Introduction: Bearded Dragon Enclosure

About: I've built houses, decks, custom cabinets, furniture of all types. Ive done furniture repair and restoration, residential and commercial remodels, restaurant seating and tables and hotel furniture. Ive been a …

I bought my fiancé a bearded dragon 3 years ago. I built his enclosure for him and it has served well. The enclosure is 4' wide and 2' deep 2' tall. This is an ideal size for a fully grown adult (normal) bearded dragon. However Goliath is far from normal. He has a thing for the living room window. He loves laying on a pillow on the window sill and wanders around the living room. Sometimes he will lay behind my PS3 and take a nap. He sleeps in his cage at night and will bask on his rock in the morning but by early afternoon he is scratching on his doors. When we slide them open, he crawls out and up the ramp to the window sill, where he just stares outside all day. We even purchased a second UVB bulb for basking while outside his cage. His enclosure has become nothing more than a bedroom for him. So the fiancé and I decided to shrink it down a bit to save some space.
PLEASE NOTE: The proper sized enclosure for an adult bearded dragon 8 square feet and at least 8-10" of distance from the bottom of the heat bulb.
In this step by step, I am dis-assembling the old one and using that material to make a smaller enclosure (about half size.)
I have included Sketch-up plans for the large version and smaller version of this Enclosure. You could easily change any dimension that you would need, to suit your pet.

Sketch-up plans for the smaller enclosure 30"X24"X24"
Sketch-up plans for the larger enclosure is 48"X24"X24"

Step 1: Dis-assemble or Gather Your Materials

I started by removing the decoration and the basking shelf. Then I removed the poultry fabric top and the Plexiglas doors with the slide rails.
Once I dis-assembled the entire enclosure I cut the bottom panel to size. The sides did not need to be cut.
I did have to peel off a bunch of old tile and glue blotches. This material has been re-used quite a bit. It's looking a bit rough so the end result is going to be more function than looks. Later on, I can put molding on this unit and paint it if I need to, but for now it is fine.
This unit can be made with a half sheet of ply-wood (and some extra shop scraps for the horizontal beams on top and in front.) I recommend 1/2" but the sketch-up plans use 3/4" It is all ply-wood except, the slide rails for the doors and the doors of course.
Material list (if buying new)
  • 1 sheet 1/2" Baltic birch ply-wood
  • 3/4"X1"X8' poplar
  • 2- 1/8"-1/4" Plexiglas 15 1/2"X17"
  • 1/4" hole Poultry fabric for the top
  • 1-1/4" screws (I used drywall screws, they may not be that strong for structure assembly but I can compensate that weakness with numbers!)
Tool list (What I used)
  • Cordless drill and cordless screw-gun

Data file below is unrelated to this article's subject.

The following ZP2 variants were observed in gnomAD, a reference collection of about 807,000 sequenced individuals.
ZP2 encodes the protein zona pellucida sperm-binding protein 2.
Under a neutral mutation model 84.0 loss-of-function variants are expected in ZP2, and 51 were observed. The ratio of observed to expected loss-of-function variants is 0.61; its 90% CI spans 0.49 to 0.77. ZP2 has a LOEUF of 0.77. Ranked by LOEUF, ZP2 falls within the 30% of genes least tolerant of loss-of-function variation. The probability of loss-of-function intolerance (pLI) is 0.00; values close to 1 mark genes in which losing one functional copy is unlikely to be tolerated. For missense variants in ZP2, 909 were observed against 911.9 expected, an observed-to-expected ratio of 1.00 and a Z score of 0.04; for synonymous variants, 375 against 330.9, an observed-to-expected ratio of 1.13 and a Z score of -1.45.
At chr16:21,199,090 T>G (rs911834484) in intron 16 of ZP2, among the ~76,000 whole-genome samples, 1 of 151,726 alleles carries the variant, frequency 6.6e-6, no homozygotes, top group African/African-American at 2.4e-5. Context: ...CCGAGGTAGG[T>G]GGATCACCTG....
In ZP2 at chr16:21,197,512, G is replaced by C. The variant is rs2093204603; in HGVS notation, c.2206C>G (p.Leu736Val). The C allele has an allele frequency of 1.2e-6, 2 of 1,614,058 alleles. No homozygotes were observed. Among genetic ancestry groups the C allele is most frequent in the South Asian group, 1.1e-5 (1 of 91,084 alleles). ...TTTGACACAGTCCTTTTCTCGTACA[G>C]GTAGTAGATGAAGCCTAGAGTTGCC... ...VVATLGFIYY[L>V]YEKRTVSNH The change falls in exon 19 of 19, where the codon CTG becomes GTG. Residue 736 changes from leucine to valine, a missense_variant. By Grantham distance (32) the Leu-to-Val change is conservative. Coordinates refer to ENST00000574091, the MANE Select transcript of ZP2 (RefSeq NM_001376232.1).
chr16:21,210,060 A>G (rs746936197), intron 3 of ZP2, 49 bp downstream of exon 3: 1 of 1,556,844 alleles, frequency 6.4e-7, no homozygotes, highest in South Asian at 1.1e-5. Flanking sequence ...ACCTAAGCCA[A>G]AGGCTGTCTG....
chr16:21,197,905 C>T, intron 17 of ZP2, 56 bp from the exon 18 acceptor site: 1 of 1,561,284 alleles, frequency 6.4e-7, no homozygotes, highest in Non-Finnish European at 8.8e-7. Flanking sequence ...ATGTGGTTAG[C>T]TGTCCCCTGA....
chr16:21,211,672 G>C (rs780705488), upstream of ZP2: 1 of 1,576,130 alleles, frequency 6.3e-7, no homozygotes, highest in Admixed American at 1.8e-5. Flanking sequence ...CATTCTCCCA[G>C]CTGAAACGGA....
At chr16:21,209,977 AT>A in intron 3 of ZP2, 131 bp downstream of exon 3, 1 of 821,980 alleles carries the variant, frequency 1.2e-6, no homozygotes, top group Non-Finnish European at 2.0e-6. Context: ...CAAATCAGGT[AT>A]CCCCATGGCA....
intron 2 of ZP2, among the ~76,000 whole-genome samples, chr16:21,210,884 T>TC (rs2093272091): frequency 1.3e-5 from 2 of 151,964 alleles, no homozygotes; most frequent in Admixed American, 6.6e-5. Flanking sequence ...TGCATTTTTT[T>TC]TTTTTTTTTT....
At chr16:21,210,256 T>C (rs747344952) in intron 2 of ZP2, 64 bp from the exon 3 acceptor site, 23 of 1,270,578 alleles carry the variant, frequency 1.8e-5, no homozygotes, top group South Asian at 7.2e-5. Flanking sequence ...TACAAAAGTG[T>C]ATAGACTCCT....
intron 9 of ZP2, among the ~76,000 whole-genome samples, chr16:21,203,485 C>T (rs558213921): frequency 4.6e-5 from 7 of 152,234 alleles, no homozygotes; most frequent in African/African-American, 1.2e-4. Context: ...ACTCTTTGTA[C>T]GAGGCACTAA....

• Table-saw
  • Crosscut sled
  • Tin-snips (for cutting the poultry fabric)

Step 2: Cut the Bottom and Back Panel

I had to cut the bottom panel and the back panel first. After these are cut to the same width, I screwed them together. I also had to cut the horizontal front and top beams to the same width as the back and bottom panel. I decided to use the better looking sides of plywood for the inside of the enclosure. I will later fill any holes and paint the outside. I also kept the floor tile on the bottom panel, this makes it easy to keep clean.

Step 3: Begin Assembly

Once the bottom and back panel are screwed together I attached the side panels. Nothing real special here, they are just screwed in to the bottom and back panel.

At this point, it’s a good idea to drill a couple vent holes in the bottom sides or back. Nothing big is needed, the top is completely open so a little hole in the bottom will pull plenty of fresh air in (physics).

I added a basking shelf at this point. The shelf is optional and will give a cooler area for your beardy to go hide and sleep in. My shelf goes across the entire width of the enclosure and about half deep.

Step 4: Cut and Install the Sliding Doors

Using the same dimensions as your front and top horizontal beams. Cut 2 sticks of 3/4" X1" Poplar and using the table saw cut 1/4" grooves that will allow the Plexiglas doors to slide freely in. Then using a spring clamp hold the slide rails in position and pre-drill and countersink a hole on each end of the sticks, then attach the rails at one side only (the same side) with screws.

Now measure the width of the opening and divide it in half, then add 3/4" and you have the proper width for each door. Then, while the rails are screwed in at one end measure the height. Remember, you want a little bit of play on the height dimension to ensure easy sliding and no binding of the doors.

Then simply slide each Plexiglas panel in different grooves. Slide them all the way to the side that is screwed in and push the rails flush with the front and screw that side into the front frame.

Step 5: Finish It

The last thing I did was screw the poultry fabric to the top. I used tin snips to cut it to proper size.
Once this is done I sanded any sharp corners inside the enclosure and vacuumed the inside. Then a final wipe down with a damp rag.
Place his rocks and decorations, then install the heat and UVB lamp.
The outside is not pretty. I will later on add molding and fill the holes and screw dings then paint it.

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